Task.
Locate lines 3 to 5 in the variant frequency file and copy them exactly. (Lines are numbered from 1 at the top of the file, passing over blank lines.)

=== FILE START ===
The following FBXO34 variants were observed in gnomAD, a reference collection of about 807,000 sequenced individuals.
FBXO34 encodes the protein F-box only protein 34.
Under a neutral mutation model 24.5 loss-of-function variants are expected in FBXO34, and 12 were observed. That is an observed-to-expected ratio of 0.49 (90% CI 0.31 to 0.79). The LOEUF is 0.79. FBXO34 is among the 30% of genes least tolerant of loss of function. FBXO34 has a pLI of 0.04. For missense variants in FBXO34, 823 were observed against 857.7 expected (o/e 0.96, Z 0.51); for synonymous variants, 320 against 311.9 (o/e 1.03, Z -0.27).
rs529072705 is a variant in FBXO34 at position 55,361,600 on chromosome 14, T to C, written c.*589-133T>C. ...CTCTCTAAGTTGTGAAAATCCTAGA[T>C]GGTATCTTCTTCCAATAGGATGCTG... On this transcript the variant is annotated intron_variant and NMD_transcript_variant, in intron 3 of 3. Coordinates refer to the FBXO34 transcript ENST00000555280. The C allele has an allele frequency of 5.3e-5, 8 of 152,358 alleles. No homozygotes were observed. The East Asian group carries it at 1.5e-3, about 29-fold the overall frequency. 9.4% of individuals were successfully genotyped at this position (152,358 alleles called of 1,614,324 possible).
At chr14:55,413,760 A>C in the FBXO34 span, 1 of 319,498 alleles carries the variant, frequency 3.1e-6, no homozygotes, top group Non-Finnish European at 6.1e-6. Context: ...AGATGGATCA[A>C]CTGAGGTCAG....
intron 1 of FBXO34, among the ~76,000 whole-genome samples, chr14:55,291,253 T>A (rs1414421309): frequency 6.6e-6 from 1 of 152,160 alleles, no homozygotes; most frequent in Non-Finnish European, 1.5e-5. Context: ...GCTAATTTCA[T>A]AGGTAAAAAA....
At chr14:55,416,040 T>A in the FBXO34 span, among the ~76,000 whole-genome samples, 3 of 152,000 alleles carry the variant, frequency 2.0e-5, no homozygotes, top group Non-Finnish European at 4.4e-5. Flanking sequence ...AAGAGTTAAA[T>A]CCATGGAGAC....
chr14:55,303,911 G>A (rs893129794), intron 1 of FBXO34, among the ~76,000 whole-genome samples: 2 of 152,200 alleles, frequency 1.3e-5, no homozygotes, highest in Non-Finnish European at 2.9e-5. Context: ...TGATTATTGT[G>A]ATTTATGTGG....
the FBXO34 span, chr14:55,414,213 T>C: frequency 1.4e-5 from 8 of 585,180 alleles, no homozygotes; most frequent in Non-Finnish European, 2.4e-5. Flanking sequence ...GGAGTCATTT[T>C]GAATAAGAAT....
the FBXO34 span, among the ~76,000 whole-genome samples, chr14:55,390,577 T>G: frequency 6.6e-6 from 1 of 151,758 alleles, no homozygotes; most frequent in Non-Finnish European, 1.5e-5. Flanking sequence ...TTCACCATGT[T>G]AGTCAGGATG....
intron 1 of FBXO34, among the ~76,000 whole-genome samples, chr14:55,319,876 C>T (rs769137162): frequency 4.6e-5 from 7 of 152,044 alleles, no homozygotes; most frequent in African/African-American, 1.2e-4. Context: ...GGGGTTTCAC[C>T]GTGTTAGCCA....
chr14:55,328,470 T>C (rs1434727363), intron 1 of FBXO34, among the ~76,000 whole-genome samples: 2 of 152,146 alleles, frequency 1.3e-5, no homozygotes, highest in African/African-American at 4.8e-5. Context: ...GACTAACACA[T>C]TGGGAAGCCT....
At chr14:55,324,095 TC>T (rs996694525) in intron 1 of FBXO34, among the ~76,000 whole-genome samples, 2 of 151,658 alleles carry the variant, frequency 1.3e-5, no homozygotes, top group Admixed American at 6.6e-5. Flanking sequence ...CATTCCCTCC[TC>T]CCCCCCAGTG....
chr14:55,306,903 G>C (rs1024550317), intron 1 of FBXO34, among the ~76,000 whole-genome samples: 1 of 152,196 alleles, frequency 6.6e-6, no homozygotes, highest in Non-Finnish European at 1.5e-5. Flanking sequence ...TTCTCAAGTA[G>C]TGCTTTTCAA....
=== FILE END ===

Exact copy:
Under a neutral mutation model 24.5 loss-of-function variants are expected in FBXO34, and 12 were observed. That is an observed-to-expected ratio of 0.49 (90% CI 0.31 to 0.79). The LOEUF is 0.79. FBXO34 is among the 30% of genes least tolerant of loss of function. FBXO34 has a pLI of 0.04. For missense variants in FBXO34, 823 were observed against 857.7 expected (o/e 0.96, Z 0.51); for synonymous variants, 320 against 311.9 (o/e 1.03, Z -0.27).
rs529072705 is a variant in FBXO34 at position 55,361,600 on chromosome 14, T to C, written c.*589-133T>C. ...CTCTCTAAGTTGTGAAAATCCTAGA[T>C]GGTATCTTCTTCCAATAGGATGCTG... On this transcript the variant is annotated intron_variant and NMD_transcript_variant, in intron 3 of 3. Coordinates refer to the FBXO34 transcript ENST00000555280. The C allele has an allele frequency of 5.3e-5, 8 of 152,358 alleles. No homozygotes were observed. The East Asian group carries it at 1.5e-3, about 29-fold the overall frequency. 9.4% of individuals were successfully genotyped at this position (152,358 alleles called of 1,614,324 possible).
At chr14:55,413,760 A>C in the FBXO34 span, 1 of 319,498 alleles carries the variant, frequency 3.1e-6, no homozygotes, top group Non-Finnish European at 6.1e-6. Context: ...AGATGGATCA[A>C]CTGAGGTCAG....